LIFESTYLE

Meet Hackney Connect’s Young Entrepreneurs

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When we think of our favourite creative spots in London, Hackney is a place that will always spring to mind. It’s an area of London characterised by a gritty entrepreneurial spirit and populated by an inspiring mix of people. It’s no secret however, that for all its magic, and it has it in spades, Hackney is a unique and polarised place. The families of the people that began moving to Hackney for work 150 years ago still call the borough home and now live amongst a swell of young professionals, creatives and new independent businesses. Despite the brilliance of Hackney, the area has the second highest rate of child poverty in London and the skewed correlation between income and earnings makes it the city’s fifth least affordable borough.

What’s concerning here, is that as Hackney booms with creativity, strong communities may spring up, but existing ones can also be broken and pushed apart. Two years ago, our friends at UnLtd teamed up with UBS to found Hackney Connect, a programme created to give local people between 18-30 the cash and support needed to to create social ventures to make their communities more resilient. Since then, UnLtd has worked with these young entrepreneurs to make Hackney an even better place to live. From arts to employment, these are just a few of our favourite Hackney Connect heroes and their stories.

Art is for everyone

Sophie Thompson, much like ourselves, grew disenchanted with seeing the same groups of people at arts events, time after time. This lack of diversity and inclusion prompted her to found Hackney Arts. Using her experience of working in the arts and with a little help from Hackney Connect, Sophie became committed to broadening the reach of arts events across the borough.

‘A lot of inspiration came from Hackney’ she explains. ‘It’s place filled with talented people so I wanted to make sure that the thriving arts community reached everyone. The benefits should be shared by every community, no-one should be left behind.’

Hackney Arts, now established, uses income from workshops and expert-led excursions to organise free arts workshops for disadvantaged communities across the area, inviting and welcoming people from all over Hackney to take part.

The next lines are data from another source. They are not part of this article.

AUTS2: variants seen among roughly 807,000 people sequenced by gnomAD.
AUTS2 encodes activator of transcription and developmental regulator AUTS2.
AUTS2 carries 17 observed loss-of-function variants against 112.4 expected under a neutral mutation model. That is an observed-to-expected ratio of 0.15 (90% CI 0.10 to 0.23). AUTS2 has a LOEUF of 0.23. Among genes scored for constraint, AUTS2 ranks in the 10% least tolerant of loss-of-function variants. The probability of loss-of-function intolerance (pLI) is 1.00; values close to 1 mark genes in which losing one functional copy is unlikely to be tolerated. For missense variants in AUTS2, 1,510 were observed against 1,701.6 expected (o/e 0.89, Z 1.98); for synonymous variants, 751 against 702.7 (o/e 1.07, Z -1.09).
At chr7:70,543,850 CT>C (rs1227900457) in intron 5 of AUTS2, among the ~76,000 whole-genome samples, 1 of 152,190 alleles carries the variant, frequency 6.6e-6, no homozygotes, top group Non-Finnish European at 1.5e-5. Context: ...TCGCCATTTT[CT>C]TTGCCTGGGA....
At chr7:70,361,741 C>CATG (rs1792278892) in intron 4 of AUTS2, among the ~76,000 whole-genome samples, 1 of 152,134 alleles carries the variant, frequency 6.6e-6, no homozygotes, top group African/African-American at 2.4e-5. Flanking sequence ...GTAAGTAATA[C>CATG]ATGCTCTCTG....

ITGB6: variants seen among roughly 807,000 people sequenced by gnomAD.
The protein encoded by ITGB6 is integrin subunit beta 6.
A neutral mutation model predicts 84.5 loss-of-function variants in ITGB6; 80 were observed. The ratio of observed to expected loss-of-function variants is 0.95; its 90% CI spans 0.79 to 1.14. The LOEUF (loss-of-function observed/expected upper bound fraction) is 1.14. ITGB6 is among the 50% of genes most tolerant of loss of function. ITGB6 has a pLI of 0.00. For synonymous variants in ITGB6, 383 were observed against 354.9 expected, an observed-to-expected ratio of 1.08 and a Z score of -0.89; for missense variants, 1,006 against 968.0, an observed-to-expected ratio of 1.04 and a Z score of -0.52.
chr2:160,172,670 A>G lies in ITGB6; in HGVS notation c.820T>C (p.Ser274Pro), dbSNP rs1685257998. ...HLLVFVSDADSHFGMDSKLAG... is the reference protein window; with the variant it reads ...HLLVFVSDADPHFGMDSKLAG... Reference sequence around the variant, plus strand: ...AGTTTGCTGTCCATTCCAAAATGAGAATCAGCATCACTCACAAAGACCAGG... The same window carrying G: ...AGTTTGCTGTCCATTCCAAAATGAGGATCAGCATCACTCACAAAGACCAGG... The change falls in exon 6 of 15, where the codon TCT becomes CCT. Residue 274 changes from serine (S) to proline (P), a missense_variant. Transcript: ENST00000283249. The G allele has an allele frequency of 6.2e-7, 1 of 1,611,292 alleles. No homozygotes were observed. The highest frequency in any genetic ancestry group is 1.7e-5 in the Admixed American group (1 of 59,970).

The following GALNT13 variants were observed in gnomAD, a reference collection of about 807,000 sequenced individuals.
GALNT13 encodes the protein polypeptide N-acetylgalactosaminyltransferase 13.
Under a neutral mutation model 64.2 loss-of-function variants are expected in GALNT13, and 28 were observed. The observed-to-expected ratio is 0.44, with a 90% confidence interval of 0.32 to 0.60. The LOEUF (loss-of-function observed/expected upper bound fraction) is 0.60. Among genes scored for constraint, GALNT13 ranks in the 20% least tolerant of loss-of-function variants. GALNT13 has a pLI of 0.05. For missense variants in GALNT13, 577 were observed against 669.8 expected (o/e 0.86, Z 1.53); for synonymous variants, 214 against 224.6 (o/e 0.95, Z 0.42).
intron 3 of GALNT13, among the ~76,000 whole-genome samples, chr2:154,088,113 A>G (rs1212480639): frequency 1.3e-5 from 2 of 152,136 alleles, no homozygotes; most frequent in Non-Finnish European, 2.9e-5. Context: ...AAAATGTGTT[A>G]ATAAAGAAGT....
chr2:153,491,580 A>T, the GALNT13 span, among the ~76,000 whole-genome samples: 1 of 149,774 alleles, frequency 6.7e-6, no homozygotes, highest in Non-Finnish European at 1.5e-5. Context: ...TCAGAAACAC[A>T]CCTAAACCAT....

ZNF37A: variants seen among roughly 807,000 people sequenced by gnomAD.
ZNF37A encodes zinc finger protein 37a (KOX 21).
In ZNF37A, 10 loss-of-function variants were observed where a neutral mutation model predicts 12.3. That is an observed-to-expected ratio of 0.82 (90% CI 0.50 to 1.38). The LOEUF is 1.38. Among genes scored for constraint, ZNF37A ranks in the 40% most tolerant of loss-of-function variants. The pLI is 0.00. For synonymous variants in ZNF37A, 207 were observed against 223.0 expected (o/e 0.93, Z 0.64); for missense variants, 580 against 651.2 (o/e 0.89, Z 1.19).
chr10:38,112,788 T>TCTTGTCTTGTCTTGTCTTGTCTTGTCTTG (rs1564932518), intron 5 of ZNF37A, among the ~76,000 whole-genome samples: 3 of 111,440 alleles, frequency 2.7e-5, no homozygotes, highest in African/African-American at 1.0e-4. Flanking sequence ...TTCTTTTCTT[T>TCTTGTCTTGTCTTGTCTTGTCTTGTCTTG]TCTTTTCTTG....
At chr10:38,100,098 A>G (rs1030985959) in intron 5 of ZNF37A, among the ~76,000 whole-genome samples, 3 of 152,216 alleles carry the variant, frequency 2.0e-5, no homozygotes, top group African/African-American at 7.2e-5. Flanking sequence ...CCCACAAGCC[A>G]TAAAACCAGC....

Coffee vs. unemployment

For Eve Wagg the issue was unemployment. She wanted to help local people find work, specifically fulfilling careers that offered inspiration and security. Eve set up Well Grounded, a social venture matching speciality coffee shops with budding Baristas. The organisation provides thorough training, giving people the skills to thrive and move up in long-term employment.

‘Social equality is what it’s all about,’ explains Eve. ‘If you can provide someone with good employment there’s a tangible change in people’s lives and motivation. The benefits that come out of that can be really profound.’

The power of words

Young entrepreneur Reuben Braithwaite wanted to tackle the lack of confidence he saw in parts of his community. He set up LiveLoveTalent to nurture creativity in young people as a means of inspiring the bravery to face everyday obstacles. The social enterprise uses spoken word and music as a natural form of introspective therapy.

‘Spoken word is a really good medium to address social issues,’ explains founder Reuben Braithwaite, ‘If I call myself a musician or rapper I have to design all the other elements to accompany a song. With spoken word I can just get on stage and talk about what I want to talk about. I can inspire someone else in the audience with what I’m saying. It’s a powerful tool for activism.’

Fighting for affordable fitness

Ashwaad Uddin noticed the soaring costs of fitness classes, gyms sports centres and was keen to enable everyone in his borough to keep fit affordably. At the age of 11, Ashwaad fell in love with Muay Thai and decided to turn this passion into a venture that could help others. He set up Legends Muay Thai, which offers young people in Hackney affordable health and fitness. Where normal clubs would charge £10 a session, Ashwaad offers a varied pricing structure, from £2 to £7.

‘This has made me think about how else we can grow to meet the needs of the community,’ he says, ‘Our eyes have opened to where we could do more. We’ve realised there aren’t many youth activities and we could see more young people coming in because they have nowhere else to go. We really need a proper, fully-fledged youth centre locally.’

These are just a handful of success stories that have come about as a result the Hackney Connect programme. Discover a whole host of social enterprises that UnLtd have backed, and find out more about the impact of the programme, on the brand new Hackney Connect site.

 

Find more here 
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